properly signified in the cup which was given to Christ to drink.
Matt. 26:39, My Father, if it be possible, let this cup pass from
9. The object of this wrath was not Christ as such. It was
connected only with that punishment which he underwent as our
10. Subjection to the power of darkness was not servitude, but lay
in the distress which Christ felt in his mind.
11. Because of these the soul of Christ was affected with sadness,
grief, fear, and dread in, agony, Matt. 26:39; John 12:27; Heb. 5:7;
and Luke 22:44.
12. The soul of Christ was affected not only in the part sometimes
called lower, but also in the higher; not only nor especially
through its sympathy, with the body, but directly and intimately,
not principally by the compassion which it had for others, but by
true suffering which it underwent in our name; not from a horror of
bodily death (which many of Christ's servants have also overcome by
his power), but from a certain sense of spiritual and supernatural
13. There were two effects of this agony. First, a strong prayer
showing a mind astonished and a nature fleeing from the bitterness
of death-yet always conditioned by and subject to the Father's will.
Mark 14:35, He prayed thatit might be that this hour would pass
from him. John 12:27, My soul is troubled. And what shall I say,
"Father free me from this hour?" No, for this purpose I have come to
this hour. Second, there was a watery sweat mixed with drops of
blood dripping to the ground. Luke 22:44, Being in agony he prayed
more earnestly; and his sweat was like drops of blood falling to the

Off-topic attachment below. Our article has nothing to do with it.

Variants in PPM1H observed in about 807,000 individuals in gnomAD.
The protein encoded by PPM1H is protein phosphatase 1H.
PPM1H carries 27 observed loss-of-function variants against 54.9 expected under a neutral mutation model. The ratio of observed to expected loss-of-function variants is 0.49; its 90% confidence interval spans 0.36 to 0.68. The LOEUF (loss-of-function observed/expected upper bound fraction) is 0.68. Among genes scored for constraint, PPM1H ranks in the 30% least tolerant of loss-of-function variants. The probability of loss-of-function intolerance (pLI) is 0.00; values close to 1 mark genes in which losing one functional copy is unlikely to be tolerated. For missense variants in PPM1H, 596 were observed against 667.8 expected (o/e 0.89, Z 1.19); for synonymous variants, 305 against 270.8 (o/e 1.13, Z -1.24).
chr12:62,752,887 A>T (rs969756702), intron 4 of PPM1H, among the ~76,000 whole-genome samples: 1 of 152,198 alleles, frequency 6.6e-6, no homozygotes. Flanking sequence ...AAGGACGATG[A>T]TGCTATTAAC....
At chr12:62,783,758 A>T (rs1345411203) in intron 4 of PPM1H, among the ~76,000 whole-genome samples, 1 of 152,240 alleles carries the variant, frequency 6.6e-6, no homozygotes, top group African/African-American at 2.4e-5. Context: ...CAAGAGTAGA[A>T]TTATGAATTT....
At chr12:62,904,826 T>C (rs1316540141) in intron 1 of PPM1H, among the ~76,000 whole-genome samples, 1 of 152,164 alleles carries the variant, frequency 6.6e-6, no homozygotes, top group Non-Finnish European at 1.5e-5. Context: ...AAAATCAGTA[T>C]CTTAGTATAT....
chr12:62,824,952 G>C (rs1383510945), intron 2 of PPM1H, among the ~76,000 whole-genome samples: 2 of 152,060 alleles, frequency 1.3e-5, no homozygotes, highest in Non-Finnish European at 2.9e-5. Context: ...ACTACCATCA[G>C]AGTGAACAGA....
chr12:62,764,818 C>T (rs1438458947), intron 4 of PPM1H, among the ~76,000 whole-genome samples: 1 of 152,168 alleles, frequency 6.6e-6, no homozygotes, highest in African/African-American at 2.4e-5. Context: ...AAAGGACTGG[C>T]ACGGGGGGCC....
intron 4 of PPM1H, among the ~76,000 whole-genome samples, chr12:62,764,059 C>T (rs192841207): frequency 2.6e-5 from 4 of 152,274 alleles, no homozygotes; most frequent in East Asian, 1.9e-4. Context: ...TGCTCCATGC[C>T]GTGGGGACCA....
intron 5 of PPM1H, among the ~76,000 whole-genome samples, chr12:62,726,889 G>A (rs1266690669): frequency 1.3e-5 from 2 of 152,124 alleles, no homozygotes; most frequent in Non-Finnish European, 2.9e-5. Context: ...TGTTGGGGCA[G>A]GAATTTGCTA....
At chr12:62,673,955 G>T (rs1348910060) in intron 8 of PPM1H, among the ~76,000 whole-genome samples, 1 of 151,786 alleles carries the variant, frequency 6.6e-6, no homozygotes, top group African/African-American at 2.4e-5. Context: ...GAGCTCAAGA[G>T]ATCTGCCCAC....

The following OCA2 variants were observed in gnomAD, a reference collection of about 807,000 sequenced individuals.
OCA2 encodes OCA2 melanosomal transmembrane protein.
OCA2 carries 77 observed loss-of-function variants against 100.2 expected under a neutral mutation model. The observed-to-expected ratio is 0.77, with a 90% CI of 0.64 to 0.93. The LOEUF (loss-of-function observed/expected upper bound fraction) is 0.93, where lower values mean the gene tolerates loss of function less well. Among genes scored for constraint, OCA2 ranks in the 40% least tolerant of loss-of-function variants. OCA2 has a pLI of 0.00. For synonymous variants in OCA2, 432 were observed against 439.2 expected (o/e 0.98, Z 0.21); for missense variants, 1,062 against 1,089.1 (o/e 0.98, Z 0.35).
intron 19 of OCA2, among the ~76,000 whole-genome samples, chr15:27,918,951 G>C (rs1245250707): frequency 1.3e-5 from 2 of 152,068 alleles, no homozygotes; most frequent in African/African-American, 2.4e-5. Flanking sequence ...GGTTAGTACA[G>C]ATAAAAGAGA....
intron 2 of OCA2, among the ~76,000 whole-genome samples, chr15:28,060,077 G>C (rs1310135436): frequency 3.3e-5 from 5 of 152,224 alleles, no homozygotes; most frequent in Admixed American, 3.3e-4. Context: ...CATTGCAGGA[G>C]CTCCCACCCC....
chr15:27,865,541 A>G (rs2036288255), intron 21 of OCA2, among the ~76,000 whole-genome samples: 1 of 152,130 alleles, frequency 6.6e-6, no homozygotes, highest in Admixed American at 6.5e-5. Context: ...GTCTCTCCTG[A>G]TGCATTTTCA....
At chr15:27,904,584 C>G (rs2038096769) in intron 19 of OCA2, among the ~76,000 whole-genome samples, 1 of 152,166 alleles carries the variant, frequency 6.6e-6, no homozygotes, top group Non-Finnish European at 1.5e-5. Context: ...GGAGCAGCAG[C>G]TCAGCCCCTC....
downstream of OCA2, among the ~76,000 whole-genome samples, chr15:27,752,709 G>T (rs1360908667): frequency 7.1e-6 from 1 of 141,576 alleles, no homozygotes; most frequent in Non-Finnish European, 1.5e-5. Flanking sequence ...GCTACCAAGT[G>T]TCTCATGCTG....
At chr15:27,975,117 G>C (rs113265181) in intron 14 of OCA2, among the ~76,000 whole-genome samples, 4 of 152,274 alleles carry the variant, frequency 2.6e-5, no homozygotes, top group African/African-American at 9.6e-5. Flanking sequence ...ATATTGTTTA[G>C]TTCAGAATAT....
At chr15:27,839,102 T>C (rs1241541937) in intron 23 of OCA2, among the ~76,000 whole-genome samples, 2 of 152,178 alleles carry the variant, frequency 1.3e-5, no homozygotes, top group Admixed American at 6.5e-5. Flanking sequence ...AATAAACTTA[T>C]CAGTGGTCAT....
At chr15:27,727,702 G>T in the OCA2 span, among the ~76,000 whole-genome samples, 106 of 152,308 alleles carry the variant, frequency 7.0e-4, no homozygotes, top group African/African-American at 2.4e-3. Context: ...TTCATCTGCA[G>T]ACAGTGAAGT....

14. In this beginning of Christ's spiritual death there was a
certain moderation and mitigation in that there was time for those
duties which were to be done before his death, namely, prayers,
discourses, admonitions, and responses.
15. The moderation was both inward and outward.
16. The inward occurred in the momentary abatements of the pressure
and distress he felt in his soul. Thus he thought of the meaning of
the office he had undertaken, the glory that would arise to his
Father and to himself, and the salvation of those whom his Father
had given him. He consciously chose to embrace all the miseries of
death in order to obtain these ends.
17. The outward mitigation in this death came through the angel who
strengthened him by speaking to him, Luke 22:43, an angel from
heaven appeared to him, comforting him.
18. There was no inward beginning of Christ's bodily death except
that natural weakening and dying which was caused from outside.
19. The external beginning was shown in phases of loss and
20. In the realm of loss he was rejected by his own people and
counted worse than a murderer; he was forsaken, denied, and betrayed